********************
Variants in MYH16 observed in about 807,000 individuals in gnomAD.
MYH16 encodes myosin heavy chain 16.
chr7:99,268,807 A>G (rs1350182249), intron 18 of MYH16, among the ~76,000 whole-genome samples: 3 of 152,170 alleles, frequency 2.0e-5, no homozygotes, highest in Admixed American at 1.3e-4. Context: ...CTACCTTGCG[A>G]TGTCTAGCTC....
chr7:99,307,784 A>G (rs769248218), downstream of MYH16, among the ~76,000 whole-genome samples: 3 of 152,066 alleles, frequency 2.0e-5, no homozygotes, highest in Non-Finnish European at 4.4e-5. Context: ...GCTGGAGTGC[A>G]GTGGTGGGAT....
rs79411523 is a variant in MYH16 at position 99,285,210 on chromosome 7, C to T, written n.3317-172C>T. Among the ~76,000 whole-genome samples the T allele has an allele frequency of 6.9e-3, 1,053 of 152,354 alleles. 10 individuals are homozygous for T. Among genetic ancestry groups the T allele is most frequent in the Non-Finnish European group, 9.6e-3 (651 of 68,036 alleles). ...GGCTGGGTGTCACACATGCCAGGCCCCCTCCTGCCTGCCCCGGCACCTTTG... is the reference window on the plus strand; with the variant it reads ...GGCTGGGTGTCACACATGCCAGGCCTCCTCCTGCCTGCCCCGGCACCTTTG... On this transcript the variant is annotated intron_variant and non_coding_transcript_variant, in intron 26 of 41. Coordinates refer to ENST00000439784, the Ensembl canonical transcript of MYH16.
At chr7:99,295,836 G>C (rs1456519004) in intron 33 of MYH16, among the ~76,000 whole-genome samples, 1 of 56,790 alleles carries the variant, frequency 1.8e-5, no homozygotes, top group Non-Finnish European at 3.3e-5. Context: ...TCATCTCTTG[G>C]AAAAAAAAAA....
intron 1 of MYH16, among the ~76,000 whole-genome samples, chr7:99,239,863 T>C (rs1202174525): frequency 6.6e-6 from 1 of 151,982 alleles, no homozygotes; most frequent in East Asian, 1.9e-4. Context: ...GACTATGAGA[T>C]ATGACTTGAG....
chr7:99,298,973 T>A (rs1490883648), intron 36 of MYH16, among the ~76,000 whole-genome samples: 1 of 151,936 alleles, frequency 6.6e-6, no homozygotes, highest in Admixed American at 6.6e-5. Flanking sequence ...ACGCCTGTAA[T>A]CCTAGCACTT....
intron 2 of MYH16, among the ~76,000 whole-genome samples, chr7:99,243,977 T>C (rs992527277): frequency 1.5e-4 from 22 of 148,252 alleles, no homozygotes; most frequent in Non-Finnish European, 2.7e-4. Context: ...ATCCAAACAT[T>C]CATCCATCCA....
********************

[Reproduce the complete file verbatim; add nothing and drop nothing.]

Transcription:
Variants in MYH16 observed in about 807,000 individuals in gnomAD.
MYH16 encodes myosin heavy chain 16.
chr7:99,268,807 A>G (rs1350182249), intron 18 of MYH16, among the ~76,000 whole-genome samples: 3 of 152,170 alleles, frequency 2.0e-5, no homozygotes, highest in Admixed American at 1.3e-4. Context: ...CTACCTTGCG[A>G]TGTCTAGCTC....
chr7:99,307,784 A>G (rs769248218), downstream of MYH16, among the ~76,000 whole-genome samples: 3 of 152,066 alleles, frequency 2.0e-5, no homozygotes, highest in Non-Finnish European at 4.4e-5. Context: ...GCTGGAGTGC[A>G]GTGGTGGGAT....
rs79411523 is a variant in MYH16 at position 99,285,210 on chromosome 7, C to T, written n.3317-172C>T. Among the ~76,000 whole-genome samples the T allele has an allele frequency of 6.9e-3, 1,053 of 152,354 alleles. 10 individuals are homozygous for T. Among genetic ancestry groups the T allele is most frequent in the Non-Finnish European group, 9.6e-3 (651 of 68,036 alleles). ...GGCTGGGTGTCACACATGCCAGGCCCCCTCCTGCCTGCCCCGGCACCTTTG... is the reference window on the plus strand; with the variant it reads ...GGCTGGGTGTCACACATGCCAGGCCTCCTCCTGCCTGCCCCGGCACCTTTG... On this transcript the variant is annotated intron_variant and non_coding_transcript_variant, in intron 26 of 41. Coordinates refer to ENST00000439784, the Ensembl canonical transcript of MYH16.
At chr7:99,295,836 G>C (rs1456519004) in intron 33 of MYH16, among the ~76,000 whole-genome samples, 1 of 56,790 alleles carries the variant, frequency 1.8e-5, no homozygotes, top group Non-Finnish European at 3.3e-5. Context: ...TCATCTCTTG[G>C]AAAAAAAAAA....
intron 1 of MYH16, among the ~76,000 whole-genome samples, chr7:99,239,863 T>C (rs1202174525): frequency 6.6e-6 from 1 of 151,982 alleles, no homozygotes; most frequent in East Asian, 1.9e-4. Context: ...GACTATGAGA[T>C]ATGACTTGAG....
chr7:99,298,973 T>A (rs1490883648), intron 36 of MYH16, among the ~76,000 whole-genome samples: 1 of 151,936 alleles, frequency 6.6e-6, no homozygotes, highest in Admixed American at 6.6e-5. Flanking sequence ...ACGCCTGTAA[T>A]CCTAGCACTT....
intron 2 of MYH16, among the ~76,000 whole-genome samples, chr7:99,243,977 T>C (rs992527277): frequency 1.5e-4 from 22 of 148,252 alleles, no homozygotes; most frequent in Non-Finnish European, 2.7e-4. Context: ...ATCCAAACAT[T>C]CATCCATCCA....